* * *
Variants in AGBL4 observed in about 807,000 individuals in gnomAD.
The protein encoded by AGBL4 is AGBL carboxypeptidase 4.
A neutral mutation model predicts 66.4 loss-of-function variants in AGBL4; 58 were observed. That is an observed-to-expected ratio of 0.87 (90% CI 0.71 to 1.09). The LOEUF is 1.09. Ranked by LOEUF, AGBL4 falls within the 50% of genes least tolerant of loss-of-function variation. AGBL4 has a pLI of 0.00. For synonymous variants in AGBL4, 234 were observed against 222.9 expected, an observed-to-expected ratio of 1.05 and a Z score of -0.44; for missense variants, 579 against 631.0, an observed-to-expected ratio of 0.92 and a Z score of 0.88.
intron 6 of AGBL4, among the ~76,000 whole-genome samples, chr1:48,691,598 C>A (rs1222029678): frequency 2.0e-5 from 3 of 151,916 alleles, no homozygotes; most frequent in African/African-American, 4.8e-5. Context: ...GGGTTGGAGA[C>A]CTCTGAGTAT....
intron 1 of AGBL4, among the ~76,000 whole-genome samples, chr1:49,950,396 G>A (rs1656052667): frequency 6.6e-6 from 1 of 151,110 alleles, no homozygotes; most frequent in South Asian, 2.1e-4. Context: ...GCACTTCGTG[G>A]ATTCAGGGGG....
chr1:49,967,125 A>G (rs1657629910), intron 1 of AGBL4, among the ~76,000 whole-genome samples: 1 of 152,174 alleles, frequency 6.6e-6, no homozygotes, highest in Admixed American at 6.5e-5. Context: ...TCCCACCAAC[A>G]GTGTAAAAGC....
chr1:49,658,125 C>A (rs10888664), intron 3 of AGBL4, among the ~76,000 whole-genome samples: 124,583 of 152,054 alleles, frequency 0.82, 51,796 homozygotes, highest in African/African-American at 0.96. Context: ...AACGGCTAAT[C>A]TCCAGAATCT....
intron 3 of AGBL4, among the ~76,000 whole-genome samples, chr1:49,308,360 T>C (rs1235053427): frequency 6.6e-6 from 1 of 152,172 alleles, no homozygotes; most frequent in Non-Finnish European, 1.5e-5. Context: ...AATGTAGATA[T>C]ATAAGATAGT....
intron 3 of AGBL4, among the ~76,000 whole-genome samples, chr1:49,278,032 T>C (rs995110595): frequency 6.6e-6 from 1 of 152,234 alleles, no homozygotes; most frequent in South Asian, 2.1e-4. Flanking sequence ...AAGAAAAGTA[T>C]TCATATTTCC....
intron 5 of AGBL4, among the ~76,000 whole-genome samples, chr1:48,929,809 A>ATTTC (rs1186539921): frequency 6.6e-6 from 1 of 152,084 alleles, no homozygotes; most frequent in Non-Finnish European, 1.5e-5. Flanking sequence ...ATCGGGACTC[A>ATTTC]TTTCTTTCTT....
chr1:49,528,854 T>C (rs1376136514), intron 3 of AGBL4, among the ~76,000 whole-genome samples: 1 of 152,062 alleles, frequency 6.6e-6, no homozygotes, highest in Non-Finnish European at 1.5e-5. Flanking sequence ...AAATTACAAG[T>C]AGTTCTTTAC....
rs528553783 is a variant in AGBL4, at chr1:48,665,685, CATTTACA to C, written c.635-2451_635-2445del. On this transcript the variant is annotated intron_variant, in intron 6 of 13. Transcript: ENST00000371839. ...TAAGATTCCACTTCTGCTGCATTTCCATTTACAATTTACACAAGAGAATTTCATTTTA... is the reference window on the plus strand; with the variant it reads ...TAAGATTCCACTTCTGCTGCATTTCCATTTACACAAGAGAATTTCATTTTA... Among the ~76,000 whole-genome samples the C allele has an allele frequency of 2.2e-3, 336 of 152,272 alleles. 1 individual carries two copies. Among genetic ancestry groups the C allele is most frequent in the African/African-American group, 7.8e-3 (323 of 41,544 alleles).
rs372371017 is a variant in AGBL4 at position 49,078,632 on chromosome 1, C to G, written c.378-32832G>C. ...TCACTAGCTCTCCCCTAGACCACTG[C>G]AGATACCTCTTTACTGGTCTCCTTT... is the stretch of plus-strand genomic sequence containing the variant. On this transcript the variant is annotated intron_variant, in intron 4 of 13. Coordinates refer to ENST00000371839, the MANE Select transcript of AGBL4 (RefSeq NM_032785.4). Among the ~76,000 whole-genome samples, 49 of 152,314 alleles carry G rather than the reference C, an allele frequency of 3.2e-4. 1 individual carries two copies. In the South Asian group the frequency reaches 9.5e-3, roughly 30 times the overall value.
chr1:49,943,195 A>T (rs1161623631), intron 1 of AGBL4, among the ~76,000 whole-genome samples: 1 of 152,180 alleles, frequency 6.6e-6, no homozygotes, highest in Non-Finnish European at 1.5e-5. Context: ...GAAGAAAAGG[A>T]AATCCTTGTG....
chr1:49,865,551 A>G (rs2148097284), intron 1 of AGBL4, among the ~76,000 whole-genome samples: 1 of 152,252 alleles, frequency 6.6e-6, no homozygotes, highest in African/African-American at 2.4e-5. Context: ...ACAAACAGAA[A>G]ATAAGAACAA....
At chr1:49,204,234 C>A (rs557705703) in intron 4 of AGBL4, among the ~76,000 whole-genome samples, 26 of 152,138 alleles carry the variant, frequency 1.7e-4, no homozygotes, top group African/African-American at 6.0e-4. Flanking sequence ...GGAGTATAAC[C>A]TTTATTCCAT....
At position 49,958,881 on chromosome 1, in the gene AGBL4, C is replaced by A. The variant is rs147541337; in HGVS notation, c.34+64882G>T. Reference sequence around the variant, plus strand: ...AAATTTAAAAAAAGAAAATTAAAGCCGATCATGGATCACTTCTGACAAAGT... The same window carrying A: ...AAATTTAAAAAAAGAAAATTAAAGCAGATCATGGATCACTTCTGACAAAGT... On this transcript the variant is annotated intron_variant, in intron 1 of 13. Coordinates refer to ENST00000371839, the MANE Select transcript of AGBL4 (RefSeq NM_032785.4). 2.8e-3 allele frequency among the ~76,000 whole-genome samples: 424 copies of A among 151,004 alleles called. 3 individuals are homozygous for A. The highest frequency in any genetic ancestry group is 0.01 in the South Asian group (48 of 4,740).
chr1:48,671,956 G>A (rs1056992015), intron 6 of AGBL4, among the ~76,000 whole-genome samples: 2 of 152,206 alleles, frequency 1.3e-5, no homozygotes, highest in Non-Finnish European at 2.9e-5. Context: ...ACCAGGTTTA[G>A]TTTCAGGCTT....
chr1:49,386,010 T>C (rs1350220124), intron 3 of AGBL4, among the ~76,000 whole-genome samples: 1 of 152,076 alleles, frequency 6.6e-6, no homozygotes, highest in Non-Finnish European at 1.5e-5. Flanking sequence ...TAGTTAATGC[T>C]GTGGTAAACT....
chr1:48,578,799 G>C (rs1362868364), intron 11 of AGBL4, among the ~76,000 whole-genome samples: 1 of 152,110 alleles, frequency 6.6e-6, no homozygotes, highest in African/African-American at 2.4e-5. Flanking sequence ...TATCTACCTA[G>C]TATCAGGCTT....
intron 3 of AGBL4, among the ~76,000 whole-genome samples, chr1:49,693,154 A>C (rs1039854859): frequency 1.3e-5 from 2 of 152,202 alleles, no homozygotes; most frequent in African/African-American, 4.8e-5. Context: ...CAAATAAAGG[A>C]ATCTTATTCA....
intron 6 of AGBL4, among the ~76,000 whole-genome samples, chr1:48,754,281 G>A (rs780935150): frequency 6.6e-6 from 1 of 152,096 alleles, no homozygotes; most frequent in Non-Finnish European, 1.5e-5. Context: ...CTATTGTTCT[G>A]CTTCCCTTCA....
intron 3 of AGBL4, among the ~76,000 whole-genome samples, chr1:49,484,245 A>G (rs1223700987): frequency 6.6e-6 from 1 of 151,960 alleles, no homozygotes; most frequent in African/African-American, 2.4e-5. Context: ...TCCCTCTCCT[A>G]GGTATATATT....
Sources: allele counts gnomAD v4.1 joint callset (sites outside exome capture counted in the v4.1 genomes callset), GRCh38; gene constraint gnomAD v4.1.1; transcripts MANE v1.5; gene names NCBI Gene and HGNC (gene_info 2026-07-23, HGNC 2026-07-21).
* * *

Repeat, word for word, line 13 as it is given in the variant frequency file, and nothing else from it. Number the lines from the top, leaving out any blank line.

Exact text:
rs372371017 is a variant in AGBL4 at position 49,078,632 on chromosome 1, C to G, written c.378-32832G>C. ...TCACTAGCTCTCCCCTAGACCACTG[C>G]AGATACCTCTTTACTGGTCTCCTTT... is the stretch of plus-strand genomic sequence containing the variant. On this transcript the variant is annotated intron_variant, in intron 4 of 13. Coordinates refer to ENST00000371839, the MANE Select transcript of AGBL4 (RefSeq NM_032785.4). Among the ~76,000 whole-genome samples, 49 of 152,314 alleles carry G rather than the reference C, an allele frequency of 3.2e-4. 1 individual carries two copies. In the South Asian group the frequency reaches 9.5e-3, roughly 30 times the overall value.